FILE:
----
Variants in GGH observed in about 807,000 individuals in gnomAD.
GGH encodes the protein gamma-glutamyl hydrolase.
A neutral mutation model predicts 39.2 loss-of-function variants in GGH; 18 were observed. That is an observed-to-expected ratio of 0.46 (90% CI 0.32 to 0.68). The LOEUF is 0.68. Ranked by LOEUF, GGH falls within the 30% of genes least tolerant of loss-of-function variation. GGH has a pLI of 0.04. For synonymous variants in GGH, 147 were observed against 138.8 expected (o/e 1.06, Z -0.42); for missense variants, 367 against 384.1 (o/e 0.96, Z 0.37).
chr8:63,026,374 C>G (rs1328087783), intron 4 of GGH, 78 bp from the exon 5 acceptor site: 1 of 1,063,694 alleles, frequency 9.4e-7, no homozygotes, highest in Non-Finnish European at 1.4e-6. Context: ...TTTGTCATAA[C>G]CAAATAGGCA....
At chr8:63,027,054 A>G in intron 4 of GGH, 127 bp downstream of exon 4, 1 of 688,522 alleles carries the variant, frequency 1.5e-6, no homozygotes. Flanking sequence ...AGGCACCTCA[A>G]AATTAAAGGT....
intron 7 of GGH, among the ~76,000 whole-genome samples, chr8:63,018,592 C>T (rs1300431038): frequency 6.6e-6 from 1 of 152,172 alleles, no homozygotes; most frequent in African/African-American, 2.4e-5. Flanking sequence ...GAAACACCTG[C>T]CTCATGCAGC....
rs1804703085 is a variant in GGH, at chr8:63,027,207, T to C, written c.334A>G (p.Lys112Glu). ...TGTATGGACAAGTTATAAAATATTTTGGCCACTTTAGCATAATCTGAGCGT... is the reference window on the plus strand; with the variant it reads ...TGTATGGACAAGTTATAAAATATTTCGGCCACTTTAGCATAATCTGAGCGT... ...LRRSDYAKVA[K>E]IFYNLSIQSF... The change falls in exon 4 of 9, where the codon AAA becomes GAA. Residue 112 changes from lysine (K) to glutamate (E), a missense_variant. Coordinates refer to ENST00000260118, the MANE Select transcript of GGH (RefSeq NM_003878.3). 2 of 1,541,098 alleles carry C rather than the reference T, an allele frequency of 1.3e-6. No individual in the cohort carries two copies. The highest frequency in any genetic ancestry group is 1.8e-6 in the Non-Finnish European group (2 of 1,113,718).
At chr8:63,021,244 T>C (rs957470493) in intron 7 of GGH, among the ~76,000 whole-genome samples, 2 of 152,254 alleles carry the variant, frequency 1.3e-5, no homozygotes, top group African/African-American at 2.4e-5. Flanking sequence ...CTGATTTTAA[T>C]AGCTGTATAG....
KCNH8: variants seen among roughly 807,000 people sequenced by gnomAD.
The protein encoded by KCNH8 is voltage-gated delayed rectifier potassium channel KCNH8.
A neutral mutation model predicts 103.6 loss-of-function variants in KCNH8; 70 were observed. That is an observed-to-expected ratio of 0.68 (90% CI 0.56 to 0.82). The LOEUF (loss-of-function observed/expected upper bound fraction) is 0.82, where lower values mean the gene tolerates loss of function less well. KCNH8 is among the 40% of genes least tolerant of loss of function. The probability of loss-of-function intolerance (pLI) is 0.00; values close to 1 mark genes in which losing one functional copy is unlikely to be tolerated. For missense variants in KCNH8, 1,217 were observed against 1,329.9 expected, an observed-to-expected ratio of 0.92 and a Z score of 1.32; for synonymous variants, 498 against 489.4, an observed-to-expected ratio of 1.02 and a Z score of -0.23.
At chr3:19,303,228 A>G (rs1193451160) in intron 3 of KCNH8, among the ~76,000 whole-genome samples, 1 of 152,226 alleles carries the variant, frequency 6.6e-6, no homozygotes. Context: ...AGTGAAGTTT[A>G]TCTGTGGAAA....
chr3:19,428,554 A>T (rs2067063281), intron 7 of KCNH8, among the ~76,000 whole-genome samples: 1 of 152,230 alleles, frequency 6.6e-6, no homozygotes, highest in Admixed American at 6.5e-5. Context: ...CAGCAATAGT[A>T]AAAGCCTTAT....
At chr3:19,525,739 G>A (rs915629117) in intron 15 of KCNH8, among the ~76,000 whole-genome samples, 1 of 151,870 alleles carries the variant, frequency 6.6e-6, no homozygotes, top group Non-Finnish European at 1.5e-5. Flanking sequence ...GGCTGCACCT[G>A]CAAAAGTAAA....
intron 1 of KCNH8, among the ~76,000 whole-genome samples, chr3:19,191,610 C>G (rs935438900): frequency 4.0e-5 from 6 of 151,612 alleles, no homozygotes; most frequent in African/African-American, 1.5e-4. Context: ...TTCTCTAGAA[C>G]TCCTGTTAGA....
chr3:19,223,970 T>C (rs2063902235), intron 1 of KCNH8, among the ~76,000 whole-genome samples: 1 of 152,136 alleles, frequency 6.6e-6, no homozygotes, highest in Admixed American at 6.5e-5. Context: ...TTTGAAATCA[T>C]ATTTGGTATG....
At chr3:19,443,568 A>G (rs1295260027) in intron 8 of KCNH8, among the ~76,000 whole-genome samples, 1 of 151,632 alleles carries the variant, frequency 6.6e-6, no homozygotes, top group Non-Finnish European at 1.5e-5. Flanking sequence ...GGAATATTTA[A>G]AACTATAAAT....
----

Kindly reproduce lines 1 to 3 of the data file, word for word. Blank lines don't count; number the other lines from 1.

Variants in GGH observed in about 807,000 individuals in gnomAD.
GGH encodes the protein gamma-glutamyl hydrolase.
A neutral mutation model predicts 39.2 loss-of-function variants in GGH; 18 were observed. That is an observed-to-expected ratio of 0.46 (90% CI 0.32 to 0.68). The LOEUF is 0.68. Ranked by LOEUF, GGH falls within the 30% of genes least tolerant of loss-of-function variation. GGH has a pLI of 0.04. For synonymous variants in GGH, 147 were observed against 138.8 expected (o/e 1.06, Z -0.42); for missense variants, 367 against 384.1 (o/e 0.96, Z 0.37).